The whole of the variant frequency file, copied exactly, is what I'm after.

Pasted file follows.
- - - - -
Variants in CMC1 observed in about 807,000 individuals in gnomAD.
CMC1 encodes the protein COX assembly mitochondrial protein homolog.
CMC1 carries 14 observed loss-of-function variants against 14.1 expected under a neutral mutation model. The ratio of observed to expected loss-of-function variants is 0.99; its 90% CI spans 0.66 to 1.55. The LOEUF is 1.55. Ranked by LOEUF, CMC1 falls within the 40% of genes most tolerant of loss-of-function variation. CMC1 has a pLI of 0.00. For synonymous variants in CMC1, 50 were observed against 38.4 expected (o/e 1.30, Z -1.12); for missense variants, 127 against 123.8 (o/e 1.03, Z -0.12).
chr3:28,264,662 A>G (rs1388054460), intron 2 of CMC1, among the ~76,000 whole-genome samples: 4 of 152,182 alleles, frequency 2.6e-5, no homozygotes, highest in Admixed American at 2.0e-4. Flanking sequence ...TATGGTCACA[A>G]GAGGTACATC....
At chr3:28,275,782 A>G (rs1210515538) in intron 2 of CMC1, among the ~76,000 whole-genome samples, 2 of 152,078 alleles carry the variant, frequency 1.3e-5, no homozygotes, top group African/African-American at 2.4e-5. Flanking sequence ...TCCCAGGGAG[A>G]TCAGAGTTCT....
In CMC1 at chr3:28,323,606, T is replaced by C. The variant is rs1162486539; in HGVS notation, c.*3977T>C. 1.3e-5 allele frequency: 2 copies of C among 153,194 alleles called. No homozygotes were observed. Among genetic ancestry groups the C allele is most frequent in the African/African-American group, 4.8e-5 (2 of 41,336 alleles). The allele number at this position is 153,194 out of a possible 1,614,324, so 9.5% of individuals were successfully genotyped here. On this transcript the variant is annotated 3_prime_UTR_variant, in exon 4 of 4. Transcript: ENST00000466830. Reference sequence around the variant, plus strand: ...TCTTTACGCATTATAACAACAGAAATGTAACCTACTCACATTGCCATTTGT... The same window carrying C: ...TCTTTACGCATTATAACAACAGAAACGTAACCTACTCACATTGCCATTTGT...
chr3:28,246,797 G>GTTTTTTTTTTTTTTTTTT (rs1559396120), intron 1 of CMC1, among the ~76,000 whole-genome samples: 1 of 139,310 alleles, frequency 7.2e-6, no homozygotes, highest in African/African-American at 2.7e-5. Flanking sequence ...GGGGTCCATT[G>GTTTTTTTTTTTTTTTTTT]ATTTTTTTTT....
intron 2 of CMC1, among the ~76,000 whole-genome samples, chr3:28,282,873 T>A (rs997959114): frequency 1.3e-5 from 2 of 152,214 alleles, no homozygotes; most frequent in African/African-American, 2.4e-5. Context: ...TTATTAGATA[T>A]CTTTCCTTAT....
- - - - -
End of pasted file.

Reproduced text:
Variants in CMC1 observed in about 807,000 individuals in gnomAD.
CMC1 encodes the protein COX assembly mitochondrial protein homolog.
CMC1 carries 14 observed loss-of-function variants against 14.1 expected under a neutral mutation model. The ratio of observed to expected loss-of-function variants is 0.99; its 90% CI spans 0.66 to 1.55. The LOEUF is 1.55. Ranked by LOEUF, CMC1 falls within the 40% of genes most tolerant of loss-of-function variation. CMC1 has a pLI of 0.00. For synonymous variants in CMC1, 50 were observed against 38.4 expected (o/e 1.30, Z -1.12); for missense variants, 127 against 123.8 (o/e 1.03, Z -0.12).
chr3:28,264,662 A>G (rs1388054460), intron 2 of CMC1, among the ~76,000 whole-genome samples: 4 of 152,182 alleles, frequency 2.6e-5, no homozygotes, highest in Admixed American at 2.0e-4. Flanking sequence ...TATGGTCACA[A>G]GAGGTACATC....
At chr3:28,275,782 A>G (rs1210515538) in intron 2 of CMC1, among the ~76,000 whole-genome samples, 2 of 152,078 alleles carry the variant, frequency 1.3e-5, no homozygotes, top group African/African-American at 2.4e-5. Flanking sequence ...TCCCAGGGAG[A>G]TCAGAGTTCT....
In CMC1 at chr3:28,323,606, T is replaced by C. The variant is rs1162486539; in HGVS notation, c.*3977T>C. 1.3e-5 allele frequency: 2 copies of C among 153,194 alleles called. No homozygotes were observed. Among genetic ancestry groups the C allele is most frequent in the African/African-American group, 4.8e-5 (2 of 41,336 alleles). The allele number at this position is 153,194 out of a possible 1,614,324, so 9.5% of individuals were successfully genotyped here. On this transcript the variant is annotated 3_prime_UTR_variant, in exon 4 of 4. Transcript: ENST00000466830. Reference sequence around the variant, plus strand: ...TCTTTACGCATTATAACAACAGAAATGTAACCTACTCACATTGCCATTTGT... The same window carrying C: ...TCTTTACGCATTATAACAACAGAAACGTAACCTACTCACATTGCCATTTGT...
chr3:28,246,797 G>GTTTTTTTTTTTTTTTTTT (rs1559396120), intron 1 of CMC1, among the ~76,000 whole-genome samples: 1 of 139,310 alleles, frequency 7.2e-6, no homozygotes, highest in African/African-American at 2.7e-5. Flanking sequence ...GGGGTCCATT[G>GTTTTTTTTTTTTTTTTTT]ATTTTTTTTT....
intron 2 of CMC1, among the ~76,000 whole-genome samples, chr3:28,282,873 T>A (rs997959114): frequency 1.3e-5 from 2 of 152,214 alleles, no homozygotes; most frequent in African/African-American, 2.4e-5. Context: ...TTATTAGATA[T>A]CTTTCCTTAT....